myTukar’s parent company Carro has reported a record EBITDA (earnings before interest, taxes, depreciation and amortization) for its latest financial year ending March 2023.
It achieved an EBITDA of US$4 million for the 12 month period. More impressively, ARR (annualised run rate) hit US$35 million towards the end of the financial year. What this means is that based on the monthly recurring profit rates towards the end of FY2023, it is projected that Carro will be able to hit US$35 million in profit for the next 12 months. Indeed, according to Carro CFO Ernest Chew, Carro expects to achieve a 10x EBITDA growth for FY2024, which is US$40 million.
“Not only did we hit record EBITDA in FY2023, our annualised EBITDA is tracking to plan with an EBITDA margin of ~4%. We expect to achieve 10x EBITDA this year. Even if we sold zero cars, we would be super-EBITDA positive today. Nearly 60% of our Gross Profit is from recurring ancillaries,” said Ernest Chew, CFO of Carro.
“This is the real benefit of a true, sustainable ecosystem-driven business model. We have almost no operational burn currently and EBITDA is positive across all our core markets. We have also built a fortress balance sheet and diversified our lending relationships to 17 financial institutions, who have offered us very competitive cost of financing,” he added.
How exactly does Carro make money, and how much? Carro sold and financed over 120,000 vehicles across Indonesia, Thailand, Malaysia and Singapore. FY2023 Gross Profit Margin increased to 9%, with the final quarter ending on a high note with a GPM of 11%, more than doubling FY2022’s GPM.
This is underpinned by strong ancillary income growth, which represents close to 60% of Carro’s Gross Profit in the final quarter. Genie, Carro’s fintech business, also recorded strong growth across the region and kept non-performing loans (NPL) at 0.2%.
Indeed, the rules of the automotive industry even applies to tech unicorns. You know what they say about dealerships, that selling cars aren’t really their bread and butter, but the real money is made with all the supporting services like aftersales, insurance, and car financing.
It has invested in building aftersales capabilities. For example, they are currently running a promo where you can get 30% off its full car repainting service at its body and paint centres. You can get your car repainted in 4 days or you’ll be compensated with 50% off your bill if they are late.
Basically, even if you are not at the point of your life where you want to buy a car or trade in/sell your car, Carro can still get you to be their customer, because everyone has to maintain their cars, renew their insurance, and so on.
VIDEO: A happy Perodua Myvi owner gets her car repainted by MyTukar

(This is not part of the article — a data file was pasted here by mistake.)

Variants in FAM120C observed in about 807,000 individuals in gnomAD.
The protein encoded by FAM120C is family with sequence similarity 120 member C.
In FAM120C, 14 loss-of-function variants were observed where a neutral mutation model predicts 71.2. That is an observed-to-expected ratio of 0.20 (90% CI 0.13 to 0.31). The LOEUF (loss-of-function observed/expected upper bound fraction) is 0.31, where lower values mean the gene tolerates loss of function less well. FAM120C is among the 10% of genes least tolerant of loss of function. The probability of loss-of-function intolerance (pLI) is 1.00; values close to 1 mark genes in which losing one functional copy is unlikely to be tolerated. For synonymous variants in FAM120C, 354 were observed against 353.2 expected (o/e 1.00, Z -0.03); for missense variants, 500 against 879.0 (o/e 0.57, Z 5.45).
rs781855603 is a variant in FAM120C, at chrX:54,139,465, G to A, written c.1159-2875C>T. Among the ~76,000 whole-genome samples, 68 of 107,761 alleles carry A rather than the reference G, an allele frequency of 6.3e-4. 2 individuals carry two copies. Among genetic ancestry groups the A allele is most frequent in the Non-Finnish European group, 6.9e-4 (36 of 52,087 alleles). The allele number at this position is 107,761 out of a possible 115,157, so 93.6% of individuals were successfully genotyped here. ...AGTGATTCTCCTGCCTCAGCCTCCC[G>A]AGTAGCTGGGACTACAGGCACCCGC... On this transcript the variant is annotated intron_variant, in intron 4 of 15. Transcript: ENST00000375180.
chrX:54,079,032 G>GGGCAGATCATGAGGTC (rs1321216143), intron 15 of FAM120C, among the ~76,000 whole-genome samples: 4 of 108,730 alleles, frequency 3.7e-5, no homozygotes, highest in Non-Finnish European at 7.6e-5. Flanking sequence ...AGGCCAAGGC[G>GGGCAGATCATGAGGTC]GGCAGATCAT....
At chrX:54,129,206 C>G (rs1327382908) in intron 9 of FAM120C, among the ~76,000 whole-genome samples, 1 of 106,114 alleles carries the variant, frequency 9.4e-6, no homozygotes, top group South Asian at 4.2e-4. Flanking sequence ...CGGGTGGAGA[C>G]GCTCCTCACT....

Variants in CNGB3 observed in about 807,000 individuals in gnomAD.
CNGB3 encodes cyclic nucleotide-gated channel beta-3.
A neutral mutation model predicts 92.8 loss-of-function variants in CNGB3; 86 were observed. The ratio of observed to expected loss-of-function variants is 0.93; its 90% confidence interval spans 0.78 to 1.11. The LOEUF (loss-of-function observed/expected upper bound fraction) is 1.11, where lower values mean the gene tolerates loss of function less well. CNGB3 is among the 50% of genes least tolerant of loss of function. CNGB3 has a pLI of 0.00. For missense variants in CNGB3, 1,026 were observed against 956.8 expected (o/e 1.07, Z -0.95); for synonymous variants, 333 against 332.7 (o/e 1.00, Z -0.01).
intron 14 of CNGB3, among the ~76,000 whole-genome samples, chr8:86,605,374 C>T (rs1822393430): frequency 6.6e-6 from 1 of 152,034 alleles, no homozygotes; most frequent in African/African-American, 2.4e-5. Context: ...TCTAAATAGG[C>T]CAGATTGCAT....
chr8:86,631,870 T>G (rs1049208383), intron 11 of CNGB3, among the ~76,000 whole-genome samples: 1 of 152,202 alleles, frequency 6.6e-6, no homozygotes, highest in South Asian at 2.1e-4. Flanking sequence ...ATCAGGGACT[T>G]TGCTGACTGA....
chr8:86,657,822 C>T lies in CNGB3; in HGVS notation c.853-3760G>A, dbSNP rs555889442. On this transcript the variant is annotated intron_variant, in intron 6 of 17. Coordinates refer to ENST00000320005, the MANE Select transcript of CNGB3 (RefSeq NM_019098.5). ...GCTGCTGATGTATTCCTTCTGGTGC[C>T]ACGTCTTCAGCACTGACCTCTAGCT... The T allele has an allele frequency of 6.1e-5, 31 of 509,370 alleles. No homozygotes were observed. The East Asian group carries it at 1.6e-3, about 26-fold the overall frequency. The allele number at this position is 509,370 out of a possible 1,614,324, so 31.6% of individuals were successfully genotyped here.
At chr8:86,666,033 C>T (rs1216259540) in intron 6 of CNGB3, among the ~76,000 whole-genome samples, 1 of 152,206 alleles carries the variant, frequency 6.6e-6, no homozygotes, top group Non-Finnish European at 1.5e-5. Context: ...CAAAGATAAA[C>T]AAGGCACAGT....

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At the moment, Carro is highly liquid, with US$560 million in its warchest comprising of cash, monetisable assets/investments and financing receivables. It also has another US$120 million in undrawn approved bank lines.
Carro uses bank lines for its Genie business. It borrows at a low fixed rate, and then dispenses loans under the Genie business at a high fixed rate as well, so it isn’t affected by fluctuating interest rates. The profit margin is the difference between the two rates. Using AI and data, it is able to keep its NPL low.
Genie’s current loan book is currently over US$350 million and it is earning interest on that loan book. This means that Carro is not just an auto tech company, it is fintech as well.
While Carro has plenty in the bank and its finances are doing well, its main competitor Carsome told BFM Radio in an interview that the company has yet to breakeven but plans to do so this year. Last year, it was reported that Carsome had a layoff exercise in September 2022.
Although you frequently see folks from team yellow in photo ops with government officials, Malaysia’s money is on team orange. Malaysian government-linked fund Permodalan Nasional Berhad (PNB) participated in Carro’s last Series C extension round back in November 2021. Carro also secured investments from Sime Darby and DRB-Hicom.
PNB pumped in US$25 million (RM115 million at today’s exchange rates) alongside Temasek’s US$30 million as part of the US$100 million round, which was an extension of an earlier US$360 million Series C led by Softbank Vision Fund 2.
Since then, Carro hasn’t had the need to raise any additional funding other than strategic investments, such as a recent investment in February 2023 from insurance tech firm ZA Tech to transform the auto insurance experience across the markets that Carro is present in.
Aaron Tan, co-founder and CEO of Carro says, “We are laser-focused on improving profitability and unit economics while optimising productivity and cost structure. It’s not about selling more cars; it’s about capturing more value and recurring income streams.”
“As other businesses continue to focus on GMV growth at all cost, we strategically doubled down on building a sustainable business model and leveraged our ecosystem to drive more recurring ancillaries across the entire ownership and usership lifecycle. Our fintech and mobility business made significant strides in FY2023. We have also laid foundations for stronger growth in our insurtech business via strategic partnerships with ZA Tech and MSIG. , as well as aftersales,” he added.
After all, no point being “number one” if you’re also the best at losing money, right?
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